Sex and Gender-based Analysis of this topic
Diabetes is a chronic health condition where the body is unable to produce insulin and properly break down sugar (glucose) in the blood. Type 1 diabetes, which usually begins before the age of 30, is a life-long condition in which the pancreas stops making insulin. Type 2 diabetes, which is usually diagnosed after the age of 45, occurs when insulin is produced but not used properly by the body.
Overall, men have higher rates of diabetes. However, women between the ages of 20-34 have higher rates than men, likely due to the impact of gestational diabetes, which is currently not tracked effectively. Gestational diabetes, which presents in non-diabetic women during pregnancy, is usually temporary, but is an important health concern for women as it is a risk factor for developing diabetes later in life.
Maternal diabetes is also a serious health concern for women who are diabetic before they become pregnant. Women with gestational or maternal diabetes need extensive pre-pregnancy planning, as well as extensive management during their pregnancy, due to the associated risks of spontaneous abortion and higher levels of newborn morbidity and mortality.
It is important to determine the link between prevalence rates for low-income women and diabetes as low-income women often have limited access to proper nutrition, physical activity, or blood sugar testing that would help them manage their diabetes. Further, low-income women may face difficulty with food shortages, which often results in the women compromising their own food intake for other family members. This is problematic for women who are diabetic and need a nutritious diet. As well, food shortages are especially detrimental to pregnant women because of the possibility of low birth weights and increased chances of the children developing diabetes in later life.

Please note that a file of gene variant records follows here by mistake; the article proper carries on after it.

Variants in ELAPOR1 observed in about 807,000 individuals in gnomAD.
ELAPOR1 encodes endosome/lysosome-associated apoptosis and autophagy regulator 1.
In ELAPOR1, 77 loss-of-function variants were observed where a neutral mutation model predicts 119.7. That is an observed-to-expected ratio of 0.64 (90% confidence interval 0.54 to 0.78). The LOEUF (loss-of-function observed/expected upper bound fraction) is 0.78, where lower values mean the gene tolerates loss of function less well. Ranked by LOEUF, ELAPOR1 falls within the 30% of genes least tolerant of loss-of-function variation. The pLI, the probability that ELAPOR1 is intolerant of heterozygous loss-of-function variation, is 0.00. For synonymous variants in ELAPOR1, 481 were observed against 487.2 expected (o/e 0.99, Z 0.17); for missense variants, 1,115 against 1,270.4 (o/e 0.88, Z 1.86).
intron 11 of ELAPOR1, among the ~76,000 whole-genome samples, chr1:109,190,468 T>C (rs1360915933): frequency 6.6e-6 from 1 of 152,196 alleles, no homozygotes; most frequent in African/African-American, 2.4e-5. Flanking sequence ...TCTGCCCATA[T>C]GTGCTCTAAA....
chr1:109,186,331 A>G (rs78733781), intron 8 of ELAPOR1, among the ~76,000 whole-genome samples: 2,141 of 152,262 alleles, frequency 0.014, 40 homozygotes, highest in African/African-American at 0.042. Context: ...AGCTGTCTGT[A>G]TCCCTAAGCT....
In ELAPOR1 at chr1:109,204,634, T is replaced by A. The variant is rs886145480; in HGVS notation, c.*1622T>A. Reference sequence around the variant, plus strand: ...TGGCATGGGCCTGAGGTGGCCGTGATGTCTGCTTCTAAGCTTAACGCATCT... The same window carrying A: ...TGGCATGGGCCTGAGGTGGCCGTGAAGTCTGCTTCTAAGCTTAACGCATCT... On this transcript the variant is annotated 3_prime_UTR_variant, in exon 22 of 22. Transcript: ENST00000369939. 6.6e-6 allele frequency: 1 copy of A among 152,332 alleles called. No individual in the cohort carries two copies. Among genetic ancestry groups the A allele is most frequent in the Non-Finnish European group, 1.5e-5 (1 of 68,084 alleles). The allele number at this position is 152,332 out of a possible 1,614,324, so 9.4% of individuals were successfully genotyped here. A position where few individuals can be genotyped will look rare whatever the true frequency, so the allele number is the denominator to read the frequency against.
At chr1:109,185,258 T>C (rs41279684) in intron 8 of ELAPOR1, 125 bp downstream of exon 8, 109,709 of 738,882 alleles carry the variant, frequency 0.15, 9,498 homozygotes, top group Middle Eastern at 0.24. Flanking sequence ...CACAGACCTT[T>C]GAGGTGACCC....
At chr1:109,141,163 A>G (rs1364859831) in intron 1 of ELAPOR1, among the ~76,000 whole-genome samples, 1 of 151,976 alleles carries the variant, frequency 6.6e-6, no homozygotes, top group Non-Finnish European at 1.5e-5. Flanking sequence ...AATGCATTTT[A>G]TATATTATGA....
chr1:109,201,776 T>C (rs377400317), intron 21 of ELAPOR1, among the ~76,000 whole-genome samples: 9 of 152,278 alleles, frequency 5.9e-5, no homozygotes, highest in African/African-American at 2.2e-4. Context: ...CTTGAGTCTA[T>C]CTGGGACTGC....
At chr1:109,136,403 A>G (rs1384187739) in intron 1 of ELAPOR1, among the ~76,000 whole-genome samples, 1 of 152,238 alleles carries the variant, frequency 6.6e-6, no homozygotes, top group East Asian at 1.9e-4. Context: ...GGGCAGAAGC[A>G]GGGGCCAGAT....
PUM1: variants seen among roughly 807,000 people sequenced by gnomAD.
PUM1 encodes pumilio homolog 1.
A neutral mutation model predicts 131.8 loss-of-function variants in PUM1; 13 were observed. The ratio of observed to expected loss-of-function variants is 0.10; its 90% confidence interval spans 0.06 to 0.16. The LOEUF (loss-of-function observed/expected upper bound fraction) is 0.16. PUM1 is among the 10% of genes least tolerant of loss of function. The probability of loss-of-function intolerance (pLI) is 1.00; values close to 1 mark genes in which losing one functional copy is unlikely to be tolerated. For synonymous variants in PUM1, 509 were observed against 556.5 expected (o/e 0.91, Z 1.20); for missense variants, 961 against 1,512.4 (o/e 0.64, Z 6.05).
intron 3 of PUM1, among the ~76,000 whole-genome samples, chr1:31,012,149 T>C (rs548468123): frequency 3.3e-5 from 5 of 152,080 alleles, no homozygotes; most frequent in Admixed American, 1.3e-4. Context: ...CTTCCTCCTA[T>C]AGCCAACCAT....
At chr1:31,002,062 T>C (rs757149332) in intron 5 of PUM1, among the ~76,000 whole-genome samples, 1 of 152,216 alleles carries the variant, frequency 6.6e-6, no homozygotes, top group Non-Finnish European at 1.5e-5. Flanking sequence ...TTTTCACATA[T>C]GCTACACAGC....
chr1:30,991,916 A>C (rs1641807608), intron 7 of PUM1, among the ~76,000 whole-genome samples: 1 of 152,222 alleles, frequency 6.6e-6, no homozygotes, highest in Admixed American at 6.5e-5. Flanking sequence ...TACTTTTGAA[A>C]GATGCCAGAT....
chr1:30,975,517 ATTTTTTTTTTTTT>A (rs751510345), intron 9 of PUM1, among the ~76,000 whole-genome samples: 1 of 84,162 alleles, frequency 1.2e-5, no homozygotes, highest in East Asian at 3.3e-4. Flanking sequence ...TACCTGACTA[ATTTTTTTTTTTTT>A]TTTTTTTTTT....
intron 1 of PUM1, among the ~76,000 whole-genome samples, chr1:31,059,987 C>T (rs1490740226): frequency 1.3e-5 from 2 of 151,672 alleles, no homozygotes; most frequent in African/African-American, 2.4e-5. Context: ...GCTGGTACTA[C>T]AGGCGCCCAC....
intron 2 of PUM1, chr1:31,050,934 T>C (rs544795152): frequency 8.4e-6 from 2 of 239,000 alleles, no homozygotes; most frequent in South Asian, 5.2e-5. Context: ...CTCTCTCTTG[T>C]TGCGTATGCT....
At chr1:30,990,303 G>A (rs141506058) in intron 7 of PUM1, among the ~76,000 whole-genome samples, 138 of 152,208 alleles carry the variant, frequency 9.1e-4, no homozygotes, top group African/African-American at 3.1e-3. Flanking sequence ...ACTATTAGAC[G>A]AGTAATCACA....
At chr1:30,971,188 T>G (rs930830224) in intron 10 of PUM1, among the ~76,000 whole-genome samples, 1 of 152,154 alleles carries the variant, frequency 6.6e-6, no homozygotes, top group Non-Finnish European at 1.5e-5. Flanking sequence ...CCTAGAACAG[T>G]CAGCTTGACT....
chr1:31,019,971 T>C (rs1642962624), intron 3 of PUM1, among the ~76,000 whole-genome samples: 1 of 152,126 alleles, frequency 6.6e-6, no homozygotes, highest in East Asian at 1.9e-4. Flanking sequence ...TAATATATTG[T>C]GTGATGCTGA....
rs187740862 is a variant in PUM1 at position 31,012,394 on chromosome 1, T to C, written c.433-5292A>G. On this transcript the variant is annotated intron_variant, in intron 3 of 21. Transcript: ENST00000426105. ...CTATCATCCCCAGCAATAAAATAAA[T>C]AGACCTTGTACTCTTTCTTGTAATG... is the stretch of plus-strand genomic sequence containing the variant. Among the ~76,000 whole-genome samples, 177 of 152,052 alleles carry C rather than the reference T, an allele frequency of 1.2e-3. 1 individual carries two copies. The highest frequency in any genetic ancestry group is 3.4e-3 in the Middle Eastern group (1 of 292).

Diabetes is a significant health concern for Aboriginal populations; including earlier onset, greater severity at diagnosis, and lack of accessible services, resulting in greater complications of the disease. Approximately two-thirds of the Aboriginal population diagnosed with diabetes are women. Furthermore, Aboriginal women’s rates are 5x higher compared to non-Aboriginal women, which is an important health concern for women of child-bearing age due to complications that may arise during pregnancy and thereafter, for both mother and child.
Most provincial and national administrative data sets do not include gestational and/or maternal diabetes in their definitions, nor do they differentiate between type I and type II diabetes, which results in finding accurate statistics difficult. There exists minimal data on diabetes for ethnic/cultural groups other than Aboriginal Canadians.